II was daughter, wife and mother of emperors and empresses. When she gave birth to the first of many children she was given the title of Augusta, which for a time made her superior in rank to her husband. She was a devoted wife and mother, and accompanied her husband on all his military campaigns.SH77013. , MA1697 var. (throne without canopy, and S C across ), MA1568 var. (same), 54-6a, 7, VF, dark green with touches of red, 23.644 g, maximum 29.5 mm, 30o, Rome mint, struck under , c. 175 - 176 A.D.; , draped right; , seated left on throne with canopy, holding , between two female attendants (carrying her throne?) with veils flying above their heads, S C in ; ex XIX, lot 578; ex A.K. Collection; ex 164 (Nov 1975), lot 1141; very variety; $2000.00 (€1780.00)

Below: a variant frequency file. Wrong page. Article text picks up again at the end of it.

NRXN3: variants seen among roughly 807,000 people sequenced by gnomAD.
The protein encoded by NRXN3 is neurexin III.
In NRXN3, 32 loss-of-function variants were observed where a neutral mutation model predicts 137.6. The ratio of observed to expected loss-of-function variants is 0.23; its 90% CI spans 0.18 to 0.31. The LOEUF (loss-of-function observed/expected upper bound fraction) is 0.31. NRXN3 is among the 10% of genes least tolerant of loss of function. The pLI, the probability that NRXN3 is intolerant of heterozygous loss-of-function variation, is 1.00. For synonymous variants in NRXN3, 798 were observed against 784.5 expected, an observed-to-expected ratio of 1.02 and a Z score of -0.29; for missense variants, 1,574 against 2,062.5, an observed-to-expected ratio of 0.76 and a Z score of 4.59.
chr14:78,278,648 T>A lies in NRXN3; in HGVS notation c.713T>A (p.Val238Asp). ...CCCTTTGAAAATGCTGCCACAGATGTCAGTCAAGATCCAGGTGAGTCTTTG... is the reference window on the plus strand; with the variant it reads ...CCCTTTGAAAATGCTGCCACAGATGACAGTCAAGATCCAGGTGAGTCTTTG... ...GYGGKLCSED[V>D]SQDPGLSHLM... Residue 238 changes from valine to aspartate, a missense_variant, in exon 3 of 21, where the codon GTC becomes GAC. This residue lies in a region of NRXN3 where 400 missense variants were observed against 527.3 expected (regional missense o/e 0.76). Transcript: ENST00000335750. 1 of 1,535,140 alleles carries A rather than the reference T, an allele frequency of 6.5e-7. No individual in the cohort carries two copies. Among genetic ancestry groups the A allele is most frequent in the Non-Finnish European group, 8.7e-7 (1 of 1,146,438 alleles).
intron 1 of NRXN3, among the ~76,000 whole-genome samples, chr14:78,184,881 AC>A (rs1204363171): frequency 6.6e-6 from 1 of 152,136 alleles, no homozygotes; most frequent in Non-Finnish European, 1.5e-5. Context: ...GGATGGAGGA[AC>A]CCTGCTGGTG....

(Aphrodite) can be faulted for the Trojan War. Upset that she was not invited to a wedding, she went anyway and maliciously left a golden inscribed "For the fairest" on the banquet table. The goddesses, as Aphrodite expected, argued who was the rightful possessor of this prize. It was determined the most handsome mortal in the world, a noble Trojan youth named , would decide. Each of the three finalists offered a bribe. promised he would rule the world. said she would make him victorious in battle. Aphrodite guaranteed the love of the most beautiful woman in the world. This was Helen, who was married to the of Sparta. awarded the golden to Aphrodite. Aphrodite enabled to elope with Helen, Helen of Troy. Helen's husband raised a Greek army to retrieve his wife, starting the Trojan War.SH73705. , AP1388b; AP2147; p. 300, 30; 268; 4720, VF, nice , , , 24.039 g, maximum 35.1 mm, 180o, Rome mint, struck under , 148 - 152 A.D.; FAVSTINAE AVG , draped right with bare, hair waived and coiled tied with double band of pearls on back of ; , standing half left, in right hand, grounded rudder in left hand, coiled around rudder, low across ; $550.00 (€489.50)